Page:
Other parts of the Northeast, including Northern New England and the New York City area, was expected to get much less snow. New York City, Philadelphia and northern New Jersey could get 2 to 3 inches from Monday into Tuesday night, the weather service said.

The snow meant unpleasant outdoor work for some people.

Sean Nardone, a custodian for the U.S. Postal Service, was scheduled to spend the day shoveling and treating the front steps of several post offices south of Boston.

“I don’t like it very much,” Nardone said as he tossed rock salt on the steps of the Whitman post office while a howling wind blew.

“I hope global warming friggin’ helps out this winter,” he said. “I hate to sound selfish, but I could use some warmth.”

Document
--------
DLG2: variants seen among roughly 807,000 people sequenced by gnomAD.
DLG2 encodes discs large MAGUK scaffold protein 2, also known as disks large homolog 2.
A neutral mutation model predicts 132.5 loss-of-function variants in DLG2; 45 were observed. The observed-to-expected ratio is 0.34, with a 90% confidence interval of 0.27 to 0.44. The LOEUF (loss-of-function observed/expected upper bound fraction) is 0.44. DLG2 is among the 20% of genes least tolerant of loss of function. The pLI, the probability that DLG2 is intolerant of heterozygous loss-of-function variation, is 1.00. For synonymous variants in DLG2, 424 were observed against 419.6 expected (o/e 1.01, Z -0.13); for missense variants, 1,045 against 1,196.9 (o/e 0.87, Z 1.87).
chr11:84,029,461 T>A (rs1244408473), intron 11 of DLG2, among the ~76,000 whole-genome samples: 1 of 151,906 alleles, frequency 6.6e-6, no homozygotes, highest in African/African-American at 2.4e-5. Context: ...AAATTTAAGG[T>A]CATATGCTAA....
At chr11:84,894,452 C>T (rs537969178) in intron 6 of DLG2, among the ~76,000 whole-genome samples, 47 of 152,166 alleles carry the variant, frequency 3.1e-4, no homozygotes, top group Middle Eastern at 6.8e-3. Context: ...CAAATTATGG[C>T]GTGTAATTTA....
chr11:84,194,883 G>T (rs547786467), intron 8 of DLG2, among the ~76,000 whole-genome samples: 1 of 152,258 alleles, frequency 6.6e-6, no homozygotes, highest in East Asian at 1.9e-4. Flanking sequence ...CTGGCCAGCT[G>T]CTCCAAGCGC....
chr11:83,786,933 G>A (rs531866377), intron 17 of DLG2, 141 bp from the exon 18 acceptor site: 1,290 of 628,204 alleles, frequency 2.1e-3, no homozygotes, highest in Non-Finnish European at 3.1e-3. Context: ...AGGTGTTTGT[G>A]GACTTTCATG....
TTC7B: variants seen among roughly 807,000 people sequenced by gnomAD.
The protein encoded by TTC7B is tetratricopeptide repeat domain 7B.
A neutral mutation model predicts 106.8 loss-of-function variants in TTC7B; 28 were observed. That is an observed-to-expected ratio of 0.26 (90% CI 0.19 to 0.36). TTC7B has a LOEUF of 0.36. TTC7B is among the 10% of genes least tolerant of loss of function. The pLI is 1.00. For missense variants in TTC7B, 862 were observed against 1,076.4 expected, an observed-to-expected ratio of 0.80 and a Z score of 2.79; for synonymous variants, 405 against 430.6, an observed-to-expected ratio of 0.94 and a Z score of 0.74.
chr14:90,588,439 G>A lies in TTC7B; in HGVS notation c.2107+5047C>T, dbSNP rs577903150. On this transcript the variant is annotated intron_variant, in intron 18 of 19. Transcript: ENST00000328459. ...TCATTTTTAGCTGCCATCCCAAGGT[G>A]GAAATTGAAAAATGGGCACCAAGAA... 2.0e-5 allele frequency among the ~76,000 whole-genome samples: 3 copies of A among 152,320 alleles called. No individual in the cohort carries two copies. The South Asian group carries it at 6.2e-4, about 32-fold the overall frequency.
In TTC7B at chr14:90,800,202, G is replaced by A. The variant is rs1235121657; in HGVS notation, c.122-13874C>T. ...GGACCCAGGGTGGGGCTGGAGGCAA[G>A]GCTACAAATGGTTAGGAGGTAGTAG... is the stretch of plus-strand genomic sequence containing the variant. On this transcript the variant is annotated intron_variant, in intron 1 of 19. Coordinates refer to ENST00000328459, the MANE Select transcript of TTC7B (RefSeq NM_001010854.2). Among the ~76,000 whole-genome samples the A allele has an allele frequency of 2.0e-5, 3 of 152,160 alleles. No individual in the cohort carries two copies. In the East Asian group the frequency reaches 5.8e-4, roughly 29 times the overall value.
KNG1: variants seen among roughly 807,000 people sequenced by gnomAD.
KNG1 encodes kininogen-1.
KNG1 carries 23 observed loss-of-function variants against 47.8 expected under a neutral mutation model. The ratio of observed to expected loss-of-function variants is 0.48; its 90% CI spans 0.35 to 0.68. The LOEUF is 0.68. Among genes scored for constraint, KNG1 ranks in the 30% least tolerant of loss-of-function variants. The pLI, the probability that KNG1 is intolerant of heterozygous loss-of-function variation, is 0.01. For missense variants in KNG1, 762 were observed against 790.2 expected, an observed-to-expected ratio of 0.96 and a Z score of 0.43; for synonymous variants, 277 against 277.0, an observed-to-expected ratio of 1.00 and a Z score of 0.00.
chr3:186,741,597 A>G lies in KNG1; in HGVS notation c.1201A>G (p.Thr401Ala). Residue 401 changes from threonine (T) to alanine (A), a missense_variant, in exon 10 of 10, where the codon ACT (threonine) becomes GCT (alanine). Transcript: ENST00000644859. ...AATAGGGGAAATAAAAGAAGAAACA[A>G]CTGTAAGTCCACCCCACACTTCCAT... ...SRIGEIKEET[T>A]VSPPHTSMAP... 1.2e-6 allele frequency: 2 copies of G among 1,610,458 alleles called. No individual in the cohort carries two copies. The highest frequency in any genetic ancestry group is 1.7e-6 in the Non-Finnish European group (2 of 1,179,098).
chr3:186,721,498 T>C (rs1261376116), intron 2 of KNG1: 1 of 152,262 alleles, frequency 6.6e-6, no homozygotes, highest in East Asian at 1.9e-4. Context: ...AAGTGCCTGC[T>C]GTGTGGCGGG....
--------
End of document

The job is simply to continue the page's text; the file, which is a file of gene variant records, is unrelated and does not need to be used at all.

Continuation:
Raj Patel, who co-owns a convenience store in Whitman, said the storm is good for business.

“It’s convenient for the neighborhood. We are always open for them. In past storms, we’ve sold out of milk right away. Milk, bread, water — a lot of people walk from their homes, so we stay open,” he said.

Communities across the region closed schools and issued on-street parking bans.

Massachusetts Gov. Charlie Baker closed state offices in nine counties Monday, and state courts were closed in 10 counties.

The Massachusetts Bay Transportation Authority, which was crippled by a series of historic storms during Boston’s record-breaking winter last year, was operating on a normal weekday schedule with winter routes in effect for buses. Although there were delays, no major problems were reported.